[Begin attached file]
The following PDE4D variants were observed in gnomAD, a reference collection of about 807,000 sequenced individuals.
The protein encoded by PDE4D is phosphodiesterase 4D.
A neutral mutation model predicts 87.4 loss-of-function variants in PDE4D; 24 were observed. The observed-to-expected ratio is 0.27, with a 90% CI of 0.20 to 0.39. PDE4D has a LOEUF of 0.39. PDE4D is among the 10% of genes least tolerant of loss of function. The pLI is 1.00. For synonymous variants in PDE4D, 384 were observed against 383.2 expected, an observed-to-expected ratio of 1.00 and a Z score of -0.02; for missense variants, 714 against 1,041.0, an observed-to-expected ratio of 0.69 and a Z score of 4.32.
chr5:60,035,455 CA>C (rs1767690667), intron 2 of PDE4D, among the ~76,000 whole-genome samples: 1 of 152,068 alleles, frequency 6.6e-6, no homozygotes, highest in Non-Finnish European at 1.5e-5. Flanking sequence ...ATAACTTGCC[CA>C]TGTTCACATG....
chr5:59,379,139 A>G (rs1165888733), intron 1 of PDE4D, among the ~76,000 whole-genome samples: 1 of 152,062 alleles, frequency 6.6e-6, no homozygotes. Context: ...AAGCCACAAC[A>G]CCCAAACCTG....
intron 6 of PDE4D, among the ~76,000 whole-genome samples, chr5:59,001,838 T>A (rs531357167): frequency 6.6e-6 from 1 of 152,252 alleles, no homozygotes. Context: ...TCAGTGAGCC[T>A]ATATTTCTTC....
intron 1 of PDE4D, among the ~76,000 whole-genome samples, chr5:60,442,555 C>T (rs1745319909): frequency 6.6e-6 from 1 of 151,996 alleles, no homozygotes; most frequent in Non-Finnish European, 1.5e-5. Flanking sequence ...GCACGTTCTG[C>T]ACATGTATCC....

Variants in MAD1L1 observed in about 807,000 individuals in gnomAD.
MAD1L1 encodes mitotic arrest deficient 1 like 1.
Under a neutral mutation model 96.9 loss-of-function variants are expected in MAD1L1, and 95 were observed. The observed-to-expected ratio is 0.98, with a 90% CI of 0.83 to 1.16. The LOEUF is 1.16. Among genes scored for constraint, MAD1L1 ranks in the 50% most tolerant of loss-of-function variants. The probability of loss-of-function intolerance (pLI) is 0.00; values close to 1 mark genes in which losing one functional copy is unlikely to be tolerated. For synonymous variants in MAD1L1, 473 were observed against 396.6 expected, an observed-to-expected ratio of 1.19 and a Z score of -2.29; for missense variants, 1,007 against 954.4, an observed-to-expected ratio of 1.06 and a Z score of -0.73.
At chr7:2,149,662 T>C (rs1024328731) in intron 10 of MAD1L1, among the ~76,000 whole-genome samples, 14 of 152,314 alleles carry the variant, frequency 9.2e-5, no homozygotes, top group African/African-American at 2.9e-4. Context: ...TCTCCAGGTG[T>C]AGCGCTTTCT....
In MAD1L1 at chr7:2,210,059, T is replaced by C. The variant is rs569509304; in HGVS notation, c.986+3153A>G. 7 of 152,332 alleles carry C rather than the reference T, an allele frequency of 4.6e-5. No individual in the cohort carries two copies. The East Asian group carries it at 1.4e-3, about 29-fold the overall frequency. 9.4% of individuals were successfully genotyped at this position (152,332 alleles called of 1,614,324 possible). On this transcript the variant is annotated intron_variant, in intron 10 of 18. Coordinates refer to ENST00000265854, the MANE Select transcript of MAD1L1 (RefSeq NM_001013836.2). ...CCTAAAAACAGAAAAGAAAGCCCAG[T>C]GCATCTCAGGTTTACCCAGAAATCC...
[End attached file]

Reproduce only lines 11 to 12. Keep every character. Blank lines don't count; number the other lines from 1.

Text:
At chr7:2,149,662 T>C (rs1024328731) in intron 10 of MAD1L1, among the ~76,000 whole-genome samples, 14 of 152,314 alleles carry the variant, frequency 9.2e-5, no homozygotes, top group African/African-American at 2.9e-4. Context: ...TCTCCAGGTG[T>C]AGCGCTTTCT....
In MAD1L1 at chr7:2,210,059, T is replaced by C. The variant is rs569509304; in HGVS notation, c.986+3153A>G. 7 of 152,332 alleles carry C rather than the reference T, an allele frequency of 4.6e-5. No individual in the cohort carries two copies. The East Asian group carries it at 1.4e-3, about 29-fold the overall frequency. 9.4% of individuals were successfully genotyped at this position (152,332 alleles called of 1,614,324 possible). On this transcript the variant is annotated intron_variant, in intron 10 of 18. Coordinates refer to ENST00000265854, the MANE Select transcript of MAD1L1 (RefSeq NM_001013836.2). ...CCTAAAAACAGAAAAGAAAGCCCAG[T>C]GCATCTCAGGTTTACCCAGAAATCC...